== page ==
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Democrat Photo by Dan Hust

ASHLEY LUCKEY OF Kenoza Lake is escorted by her father Craig to the front of the dining hall inside the Rockland House in Roscoe on Saturday, just prior to her being crowned the new Sullivan County Dairy Princess.

Ashley Luckey
Named 'Princess'

By Dan Hust
ROSCOE — June 14, 2005 – Maybe it was working on William Diehl’s and John Ferber’s farms.
Maybe it was becoming a member of one, then two, 4-H clubs.
Maybe it was growing up in rural, agricultural Kenoza Lake.
Maybe it was working at the Youngsville Veterinary Clinic.
Or maybe it was hearing a girl tell her that milk came from the 7-11 down the street that inspired Ashley Luckey to work toward becoming Sullivan County’s Dairy Princess.
“I find that there are so many people out there that really do not know where most of their food comes from, and that is especially true for dairy products,” she said to a packed dining room Saturday night at the Rockland House in Roscoe. “I would like to put a large dent in the number of people that do not know about the dairy industry or dairy products.
“I also want to promote the local dairy farmers who have helped me create this passion that I now have for dairy cattle and the dairy industry,” the 16-year-old daughter of Craig and Robin Luckey continued. “I would like to give what I have gained back to everyone involved in the dairy industry.”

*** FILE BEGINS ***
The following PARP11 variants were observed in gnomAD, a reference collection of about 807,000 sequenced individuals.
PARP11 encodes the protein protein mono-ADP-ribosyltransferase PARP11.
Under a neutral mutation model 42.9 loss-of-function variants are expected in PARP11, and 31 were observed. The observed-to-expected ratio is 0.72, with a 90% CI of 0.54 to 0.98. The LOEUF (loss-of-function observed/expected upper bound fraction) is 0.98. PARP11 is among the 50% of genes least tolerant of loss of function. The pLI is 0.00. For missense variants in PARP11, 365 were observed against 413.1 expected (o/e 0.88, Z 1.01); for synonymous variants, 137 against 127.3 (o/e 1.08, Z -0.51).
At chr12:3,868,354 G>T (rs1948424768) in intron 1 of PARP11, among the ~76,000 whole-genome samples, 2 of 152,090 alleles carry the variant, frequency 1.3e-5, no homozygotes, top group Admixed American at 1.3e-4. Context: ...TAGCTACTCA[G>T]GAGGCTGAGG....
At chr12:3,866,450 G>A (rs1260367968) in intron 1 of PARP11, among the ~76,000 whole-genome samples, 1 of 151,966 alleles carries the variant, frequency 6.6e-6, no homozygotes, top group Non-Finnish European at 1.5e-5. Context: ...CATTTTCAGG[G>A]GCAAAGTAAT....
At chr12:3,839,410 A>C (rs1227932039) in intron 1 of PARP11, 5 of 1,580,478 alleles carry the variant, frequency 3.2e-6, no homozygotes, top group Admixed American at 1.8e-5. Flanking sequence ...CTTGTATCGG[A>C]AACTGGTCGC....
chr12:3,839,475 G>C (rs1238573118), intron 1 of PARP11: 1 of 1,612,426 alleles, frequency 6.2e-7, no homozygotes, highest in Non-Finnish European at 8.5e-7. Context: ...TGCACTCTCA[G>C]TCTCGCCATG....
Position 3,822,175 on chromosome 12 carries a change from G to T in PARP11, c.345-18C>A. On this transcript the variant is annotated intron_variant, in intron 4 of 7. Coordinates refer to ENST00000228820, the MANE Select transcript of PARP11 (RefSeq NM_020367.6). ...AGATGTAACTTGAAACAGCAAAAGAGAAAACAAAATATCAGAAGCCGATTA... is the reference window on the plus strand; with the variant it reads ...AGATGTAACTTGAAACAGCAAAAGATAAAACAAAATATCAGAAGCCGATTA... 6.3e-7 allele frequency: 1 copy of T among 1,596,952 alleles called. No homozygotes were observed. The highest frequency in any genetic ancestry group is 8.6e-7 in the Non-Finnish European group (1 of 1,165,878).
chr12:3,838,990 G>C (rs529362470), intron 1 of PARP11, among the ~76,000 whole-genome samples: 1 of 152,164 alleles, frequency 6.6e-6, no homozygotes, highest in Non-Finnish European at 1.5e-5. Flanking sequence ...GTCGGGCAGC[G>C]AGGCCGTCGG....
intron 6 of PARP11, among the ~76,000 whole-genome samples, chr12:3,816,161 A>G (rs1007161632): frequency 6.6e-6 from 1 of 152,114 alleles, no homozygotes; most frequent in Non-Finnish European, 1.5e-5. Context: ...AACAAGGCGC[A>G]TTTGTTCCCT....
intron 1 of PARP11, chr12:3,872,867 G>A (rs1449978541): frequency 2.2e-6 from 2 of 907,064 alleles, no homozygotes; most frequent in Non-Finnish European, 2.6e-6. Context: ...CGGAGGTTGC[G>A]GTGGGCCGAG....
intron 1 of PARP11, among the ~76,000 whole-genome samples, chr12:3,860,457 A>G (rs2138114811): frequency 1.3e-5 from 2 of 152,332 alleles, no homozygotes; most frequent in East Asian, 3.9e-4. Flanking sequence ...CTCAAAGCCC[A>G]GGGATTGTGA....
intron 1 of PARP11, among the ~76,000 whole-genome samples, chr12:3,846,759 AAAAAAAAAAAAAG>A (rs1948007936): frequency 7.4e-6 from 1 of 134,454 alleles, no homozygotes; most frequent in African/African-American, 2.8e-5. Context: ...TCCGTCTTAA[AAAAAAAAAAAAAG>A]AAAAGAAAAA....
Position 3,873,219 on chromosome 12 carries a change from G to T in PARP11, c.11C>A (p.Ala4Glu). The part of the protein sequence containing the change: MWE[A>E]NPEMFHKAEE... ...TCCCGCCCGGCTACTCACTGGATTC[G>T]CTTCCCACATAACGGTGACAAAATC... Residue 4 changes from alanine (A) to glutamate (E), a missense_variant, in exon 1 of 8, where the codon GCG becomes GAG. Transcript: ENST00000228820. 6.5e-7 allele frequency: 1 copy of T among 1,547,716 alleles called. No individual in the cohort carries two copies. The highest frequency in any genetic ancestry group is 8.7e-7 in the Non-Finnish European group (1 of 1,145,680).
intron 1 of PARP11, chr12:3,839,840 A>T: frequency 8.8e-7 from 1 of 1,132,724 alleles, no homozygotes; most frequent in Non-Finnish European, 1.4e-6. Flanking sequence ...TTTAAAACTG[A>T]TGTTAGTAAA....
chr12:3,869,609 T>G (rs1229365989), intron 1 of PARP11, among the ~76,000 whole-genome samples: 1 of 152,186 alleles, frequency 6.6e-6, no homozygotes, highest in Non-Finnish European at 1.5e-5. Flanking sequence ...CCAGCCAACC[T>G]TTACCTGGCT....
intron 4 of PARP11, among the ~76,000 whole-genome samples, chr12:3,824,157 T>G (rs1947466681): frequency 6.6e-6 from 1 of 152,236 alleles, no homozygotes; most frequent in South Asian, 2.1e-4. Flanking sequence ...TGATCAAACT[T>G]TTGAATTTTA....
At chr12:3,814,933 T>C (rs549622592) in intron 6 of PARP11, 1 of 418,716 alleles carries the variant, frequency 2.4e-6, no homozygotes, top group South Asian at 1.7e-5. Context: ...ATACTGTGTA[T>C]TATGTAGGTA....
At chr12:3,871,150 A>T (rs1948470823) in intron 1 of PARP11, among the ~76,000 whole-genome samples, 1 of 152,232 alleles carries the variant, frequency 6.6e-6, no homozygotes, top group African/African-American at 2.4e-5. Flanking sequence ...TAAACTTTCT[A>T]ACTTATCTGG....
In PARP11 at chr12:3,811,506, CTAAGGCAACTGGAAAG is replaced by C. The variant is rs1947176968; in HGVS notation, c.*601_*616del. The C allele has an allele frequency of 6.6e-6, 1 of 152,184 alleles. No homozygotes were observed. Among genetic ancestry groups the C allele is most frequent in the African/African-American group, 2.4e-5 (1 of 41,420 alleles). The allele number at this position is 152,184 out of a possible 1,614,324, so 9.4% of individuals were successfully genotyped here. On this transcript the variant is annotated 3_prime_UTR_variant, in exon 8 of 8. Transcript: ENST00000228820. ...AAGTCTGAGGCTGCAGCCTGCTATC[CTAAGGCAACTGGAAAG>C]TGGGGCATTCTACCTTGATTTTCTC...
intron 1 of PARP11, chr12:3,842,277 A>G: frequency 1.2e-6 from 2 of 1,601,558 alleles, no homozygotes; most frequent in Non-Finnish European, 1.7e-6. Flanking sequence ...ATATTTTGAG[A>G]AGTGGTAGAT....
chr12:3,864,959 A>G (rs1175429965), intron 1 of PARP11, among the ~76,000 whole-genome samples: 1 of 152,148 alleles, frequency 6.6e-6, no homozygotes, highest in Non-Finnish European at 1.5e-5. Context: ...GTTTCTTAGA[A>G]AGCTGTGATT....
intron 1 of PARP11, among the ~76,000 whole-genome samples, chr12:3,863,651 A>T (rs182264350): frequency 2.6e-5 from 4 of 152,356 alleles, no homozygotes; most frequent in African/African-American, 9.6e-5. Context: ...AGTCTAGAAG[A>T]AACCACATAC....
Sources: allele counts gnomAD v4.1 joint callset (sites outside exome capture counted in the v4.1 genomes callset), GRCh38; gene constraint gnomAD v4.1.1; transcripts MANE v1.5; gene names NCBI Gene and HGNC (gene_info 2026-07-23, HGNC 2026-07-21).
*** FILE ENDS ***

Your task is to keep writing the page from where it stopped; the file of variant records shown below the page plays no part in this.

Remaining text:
As much as Luckey already has accomplished that goal, she’s destined to go even farther with it for the next year as the reigning Sullivan County Dairy Princess.
Luckey and her court – dairy ambassadors April Drake, Samantha Franklin, Markie Hubert, Nicole Terwilliger and McKenzie Wilbur – were crowned Saturday by the Sullivan County Dairy Promotion Committee and will spend the next 12 months writing articles, attending fairs and riding in parades, all in an effort to educate more people about the dairy industry.
It’s a tradition that has been ongoing in Sullivan County – especially its more rural western side – for decades, and the crew of young ladies seemed eager to continue it.
Indeed, ‘04-’05 Dairy Princess Christine Panos and Alternate Princess April Ackermann promised their successors it would be “a great experience.”
“Some people have no idea of the dairy princess or what she does,” explained Panos. “I wanted to represent the dairy farmers and an industry that is slowly diminishing.”
But while agriculture in Sullivan County and elsewhere has decreased, the efforts to promote dairy products across the area and state have not.
According to guest speaker and NYS Second Alternate Dairy Princess Samantha Durfee of Madison County, McDonald’s and Wendy’s have found great success selling plastic bottles of milk and chocolate milk, and the NY Giants and Buffalo Bills football teams have joined with her to promote dairy products.
The effects go beyond more consumption and awareness of milk and other dairy items – according to Durfee, the temperature of milk products in schools in New York State (essential to preserving its healthful effects) has dropped six degrees in the past decade.
Luckey and her court plan to keep that momentum going.
“It means a lot to me to be able to share the knowledge that I have gained with the public,” said Luckey in her acceptance speech.
“I hope that I will make all of you proud.”

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